Two U.S. senators have proposed a bill that would limit Class 7 and Class 8 truck drivers from going above 65 mph. The speed would be regulated by an electronic speed limiting device installed in semi-trucks.
Although the majority of U.S. semi-trucks already have electronic speed limit monitors in them, they are not federally regulated or required.
The proposed bill may save lives nationwide
It is estimated that heavy trucks driving above 55 mph cause approximately 1,115 fatal accidents every year. The proposed bill postulates that many lives could be saved with speed limit restrictions. According to an analysis from the Department of Transportation, limiting semi-truck speeds to 65 mph would save 63 to 213 lives per year.
For the president and founder of Road Safe America, who founded the organization shortly after his son was killed by a speeding semi on his way back to college, the proposed bill is the answer to a necessary and long overdue speed limit enforcement.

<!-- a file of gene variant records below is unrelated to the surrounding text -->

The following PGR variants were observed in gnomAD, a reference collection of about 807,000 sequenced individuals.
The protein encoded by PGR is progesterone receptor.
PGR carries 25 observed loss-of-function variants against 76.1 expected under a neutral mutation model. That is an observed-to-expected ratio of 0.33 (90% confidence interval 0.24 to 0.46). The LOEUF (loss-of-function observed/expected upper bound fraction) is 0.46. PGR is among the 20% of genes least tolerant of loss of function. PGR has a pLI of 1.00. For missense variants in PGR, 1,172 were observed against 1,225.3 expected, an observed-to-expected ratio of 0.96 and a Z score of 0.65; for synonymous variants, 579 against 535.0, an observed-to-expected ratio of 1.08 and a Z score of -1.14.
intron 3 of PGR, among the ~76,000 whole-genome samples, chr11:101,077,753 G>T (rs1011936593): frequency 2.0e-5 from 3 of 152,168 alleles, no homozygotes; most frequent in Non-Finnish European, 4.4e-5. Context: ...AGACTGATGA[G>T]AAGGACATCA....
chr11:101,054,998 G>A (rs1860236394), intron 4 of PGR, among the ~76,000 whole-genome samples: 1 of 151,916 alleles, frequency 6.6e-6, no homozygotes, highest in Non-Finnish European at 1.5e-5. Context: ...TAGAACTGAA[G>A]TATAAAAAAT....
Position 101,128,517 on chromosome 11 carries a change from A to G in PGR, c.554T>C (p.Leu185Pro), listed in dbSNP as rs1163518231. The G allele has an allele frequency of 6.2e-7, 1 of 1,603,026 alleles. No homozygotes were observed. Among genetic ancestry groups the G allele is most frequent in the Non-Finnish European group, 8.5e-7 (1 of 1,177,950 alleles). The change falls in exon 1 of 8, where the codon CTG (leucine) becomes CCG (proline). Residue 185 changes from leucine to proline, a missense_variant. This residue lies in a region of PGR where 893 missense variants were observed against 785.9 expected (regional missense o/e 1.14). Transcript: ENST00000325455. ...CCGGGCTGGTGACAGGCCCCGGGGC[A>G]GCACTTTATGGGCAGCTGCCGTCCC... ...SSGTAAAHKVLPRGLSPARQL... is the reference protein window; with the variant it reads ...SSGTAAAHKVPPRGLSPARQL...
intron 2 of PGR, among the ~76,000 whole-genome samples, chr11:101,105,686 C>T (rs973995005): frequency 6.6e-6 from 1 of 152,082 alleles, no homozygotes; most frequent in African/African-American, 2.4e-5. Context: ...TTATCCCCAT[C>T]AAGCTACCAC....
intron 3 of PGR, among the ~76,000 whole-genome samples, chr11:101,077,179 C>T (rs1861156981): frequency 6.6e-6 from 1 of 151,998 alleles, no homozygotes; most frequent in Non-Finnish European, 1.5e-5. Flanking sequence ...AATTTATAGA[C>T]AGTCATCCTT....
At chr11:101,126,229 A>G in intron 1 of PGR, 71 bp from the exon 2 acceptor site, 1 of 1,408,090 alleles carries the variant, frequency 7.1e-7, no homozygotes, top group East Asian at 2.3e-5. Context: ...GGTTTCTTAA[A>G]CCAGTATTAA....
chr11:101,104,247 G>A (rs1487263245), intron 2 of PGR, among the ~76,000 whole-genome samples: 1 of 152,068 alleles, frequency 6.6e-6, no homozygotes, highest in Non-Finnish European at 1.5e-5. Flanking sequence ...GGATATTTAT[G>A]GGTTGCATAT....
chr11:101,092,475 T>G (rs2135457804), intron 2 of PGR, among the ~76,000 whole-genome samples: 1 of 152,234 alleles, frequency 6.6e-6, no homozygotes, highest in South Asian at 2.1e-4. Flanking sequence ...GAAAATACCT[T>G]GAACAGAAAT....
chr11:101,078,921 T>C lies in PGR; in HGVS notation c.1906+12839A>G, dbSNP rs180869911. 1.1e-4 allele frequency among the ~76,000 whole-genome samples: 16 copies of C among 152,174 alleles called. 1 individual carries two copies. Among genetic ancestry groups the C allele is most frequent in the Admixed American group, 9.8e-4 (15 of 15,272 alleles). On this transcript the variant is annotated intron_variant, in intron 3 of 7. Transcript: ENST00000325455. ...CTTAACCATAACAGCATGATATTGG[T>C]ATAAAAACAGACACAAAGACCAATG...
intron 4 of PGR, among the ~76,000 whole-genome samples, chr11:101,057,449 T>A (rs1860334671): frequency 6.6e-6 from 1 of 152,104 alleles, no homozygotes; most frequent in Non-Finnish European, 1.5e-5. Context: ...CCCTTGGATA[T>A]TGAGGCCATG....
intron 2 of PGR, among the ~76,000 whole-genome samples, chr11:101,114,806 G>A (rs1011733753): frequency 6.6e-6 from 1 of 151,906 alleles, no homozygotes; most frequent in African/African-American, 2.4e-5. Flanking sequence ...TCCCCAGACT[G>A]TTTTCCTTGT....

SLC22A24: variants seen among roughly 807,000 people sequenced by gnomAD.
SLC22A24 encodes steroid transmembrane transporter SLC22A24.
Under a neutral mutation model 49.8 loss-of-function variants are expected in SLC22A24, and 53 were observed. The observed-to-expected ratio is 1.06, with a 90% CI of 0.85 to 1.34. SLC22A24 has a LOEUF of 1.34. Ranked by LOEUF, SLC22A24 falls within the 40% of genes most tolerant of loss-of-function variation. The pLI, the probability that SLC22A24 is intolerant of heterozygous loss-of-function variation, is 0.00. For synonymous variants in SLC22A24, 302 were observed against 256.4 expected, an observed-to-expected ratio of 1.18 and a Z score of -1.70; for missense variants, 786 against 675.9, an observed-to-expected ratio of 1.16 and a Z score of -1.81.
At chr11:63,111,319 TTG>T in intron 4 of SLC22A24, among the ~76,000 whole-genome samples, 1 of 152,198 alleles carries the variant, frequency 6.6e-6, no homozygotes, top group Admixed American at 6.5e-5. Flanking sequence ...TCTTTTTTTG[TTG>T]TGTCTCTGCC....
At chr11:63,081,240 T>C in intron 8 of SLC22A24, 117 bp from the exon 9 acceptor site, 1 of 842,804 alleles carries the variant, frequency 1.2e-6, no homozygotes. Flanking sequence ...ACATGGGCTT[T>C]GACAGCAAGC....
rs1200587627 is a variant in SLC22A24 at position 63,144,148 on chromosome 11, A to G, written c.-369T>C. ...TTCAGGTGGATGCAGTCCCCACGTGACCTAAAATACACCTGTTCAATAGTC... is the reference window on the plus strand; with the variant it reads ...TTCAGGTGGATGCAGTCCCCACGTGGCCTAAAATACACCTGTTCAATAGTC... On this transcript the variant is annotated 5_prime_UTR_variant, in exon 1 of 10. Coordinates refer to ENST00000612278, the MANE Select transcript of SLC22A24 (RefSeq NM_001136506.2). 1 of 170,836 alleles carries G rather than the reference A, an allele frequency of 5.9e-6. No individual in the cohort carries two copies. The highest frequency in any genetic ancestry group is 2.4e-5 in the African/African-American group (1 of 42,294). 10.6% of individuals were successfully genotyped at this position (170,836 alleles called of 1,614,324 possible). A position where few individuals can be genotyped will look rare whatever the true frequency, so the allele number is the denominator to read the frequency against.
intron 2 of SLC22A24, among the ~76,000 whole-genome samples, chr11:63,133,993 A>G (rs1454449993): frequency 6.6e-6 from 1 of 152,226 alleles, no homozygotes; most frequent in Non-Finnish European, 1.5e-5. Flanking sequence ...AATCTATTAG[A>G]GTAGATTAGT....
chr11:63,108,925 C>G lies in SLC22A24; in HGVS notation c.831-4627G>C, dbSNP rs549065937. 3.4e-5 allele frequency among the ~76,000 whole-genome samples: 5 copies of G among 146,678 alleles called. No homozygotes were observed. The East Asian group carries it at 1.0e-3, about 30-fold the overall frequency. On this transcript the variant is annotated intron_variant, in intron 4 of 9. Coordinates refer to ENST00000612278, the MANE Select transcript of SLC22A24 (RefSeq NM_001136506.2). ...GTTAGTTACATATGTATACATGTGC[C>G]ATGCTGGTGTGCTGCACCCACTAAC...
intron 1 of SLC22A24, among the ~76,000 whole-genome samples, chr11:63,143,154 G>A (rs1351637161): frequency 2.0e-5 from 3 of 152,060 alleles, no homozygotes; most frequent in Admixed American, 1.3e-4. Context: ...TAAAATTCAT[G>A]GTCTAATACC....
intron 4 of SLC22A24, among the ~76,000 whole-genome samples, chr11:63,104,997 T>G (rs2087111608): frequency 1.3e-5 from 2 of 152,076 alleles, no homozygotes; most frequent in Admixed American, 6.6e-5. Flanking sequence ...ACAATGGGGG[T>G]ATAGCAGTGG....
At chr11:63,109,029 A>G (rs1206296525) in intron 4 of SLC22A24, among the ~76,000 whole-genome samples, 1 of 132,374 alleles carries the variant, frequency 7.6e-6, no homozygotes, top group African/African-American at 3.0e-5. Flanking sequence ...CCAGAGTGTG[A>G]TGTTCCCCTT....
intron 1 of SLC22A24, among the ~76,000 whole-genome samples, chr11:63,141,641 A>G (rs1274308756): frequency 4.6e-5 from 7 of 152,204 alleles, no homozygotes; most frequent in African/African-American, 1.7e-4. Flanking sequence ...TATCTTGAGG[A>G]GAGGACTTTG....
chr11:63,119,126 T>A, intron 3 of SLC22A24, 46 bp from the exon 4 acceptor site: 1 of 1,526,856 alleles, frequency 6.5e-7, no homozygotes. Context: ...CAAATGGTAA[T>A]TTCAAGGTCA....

The bill would require all new trucks to have electronic speed monitors installed and would require the trucks that already have the monitor to use them. It would not require trucks that are already on the road without the monitors, to have them installed.
If passed, the bill could potentially decrease the number of tire blow-outs too. Most heavy truck tires are not meant to withstand speeds exceeding 75 mph, yet many states have speed limits as high as 80 mph causing a spike in heavy truck tire blow-outs.
Opposition to the speed limit restriction
Although many highway safety advocates support this proposed bill, some trucking industry groups have objections. Opposers of the bill explain that it would cause an increased speed gap between heavy trucks and other vehicle traffic. These speed differentiations may cause more traffic jams and accidents.
Some studies found that vehicles traveling 10-15 mph slower than the average speed of traffic, were at a higher risk of being involved in a crash. Whether or not the bill passes, semi-truck drivers are encouraged to watch their speed and understand the risks associated with the cargo they are hauling and the roads they are driving on.